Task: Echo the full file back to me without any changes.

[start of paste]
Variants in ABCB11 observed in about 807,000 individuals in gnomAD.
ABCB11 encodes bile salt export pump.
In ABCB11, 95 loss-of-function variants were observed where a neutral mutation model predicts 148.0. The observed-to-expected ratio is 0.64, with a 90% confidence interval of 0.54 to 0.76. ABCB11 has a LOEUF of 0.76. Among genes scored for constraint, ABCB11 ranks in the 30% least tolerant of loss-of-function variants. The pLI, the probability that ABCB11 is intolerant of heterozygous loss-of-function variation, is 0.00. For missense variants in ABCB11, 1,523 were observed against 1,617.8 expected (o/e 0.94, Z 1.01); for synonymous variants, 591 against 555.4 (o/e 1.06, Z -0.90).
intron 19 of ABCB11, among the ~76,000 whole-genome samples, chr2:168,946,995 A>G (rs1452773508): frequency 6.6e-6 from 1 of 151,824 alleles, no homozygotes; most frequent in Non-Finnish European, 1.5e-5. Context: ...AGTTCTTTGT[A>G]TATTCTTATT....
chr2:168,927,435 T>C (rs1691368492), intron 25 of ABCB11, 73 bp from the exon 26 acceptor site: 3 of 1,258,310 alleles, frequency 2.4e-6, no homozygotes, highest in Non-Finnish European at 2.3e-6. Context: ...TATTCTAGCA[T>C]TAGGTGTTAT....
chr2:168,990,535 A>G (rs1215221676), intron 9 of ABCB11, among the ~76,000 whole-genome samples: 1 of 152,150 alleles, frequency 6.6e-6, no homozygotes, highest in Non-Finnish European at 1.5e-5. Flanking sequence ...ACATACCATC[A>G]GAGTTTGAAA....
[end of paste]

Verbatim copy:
Variants in ABCB11 observed in about 807,000 individuals in gnomAD.
ABCB11 encodes bile salt export pump.
In ABCB11, 95 loss-of-function variants were observed where a neutral mutation model predicts 148.0. The observed-to-expected ratio is 0.64, with a 90% confidence interval of 0.54 to 0.76. ABCB11 has a LOEUF of 0.76. Among genes scored for constraint, ABCB11 ranks in the 30% least tolerant of loss-of-function variants. The pLI, the probability that ABCB11 is intolerant of heterozygous loss-of-function variation, is 0.00. For missense variants in ABCB11, 1,523 were observed against 1,617.8 expected (o/e 0.94, Z 1.01); for synonymous variants, 591 against 555.4 (o/e 1.06, Z -0.90).
intron 19 of ABCB11, among the ~76,000 whole-genome samples, chr2:168,946,995 A>G (rs1452773508): frequency 6.6e-6 from 1 of 151,824 alleles, no homozygotes; most frequent in Non-Finnish European, 1.5e-5. Context: ...AGTTCTTTGT[A>G]TATTCTTATT....
chr2:168,927,435 T>C (rs1691368492), intron 25 of ABCB11, 73 bp from the exon 26 acceptor site: 3 of 1,258,310 alleles, frequency 2.4e-6, no homozygotes, highest in Non-Finnish European at 2.3e-6. Context: ...TATTCTAGCA[T>C]TAGGTGTTAT....
chr2:168,990,535 A>G (rs1215221676), intron 9 of ABCB11, among the ~76,000 whole-genome samples: 1 of 152,150 alleles, frequency 6.6e-6, no homozygotes, highest in Non-Finnish European at 1.5e-5. Flanking sequence ...ACATACCATC[A>G]GAGTTTGAAA....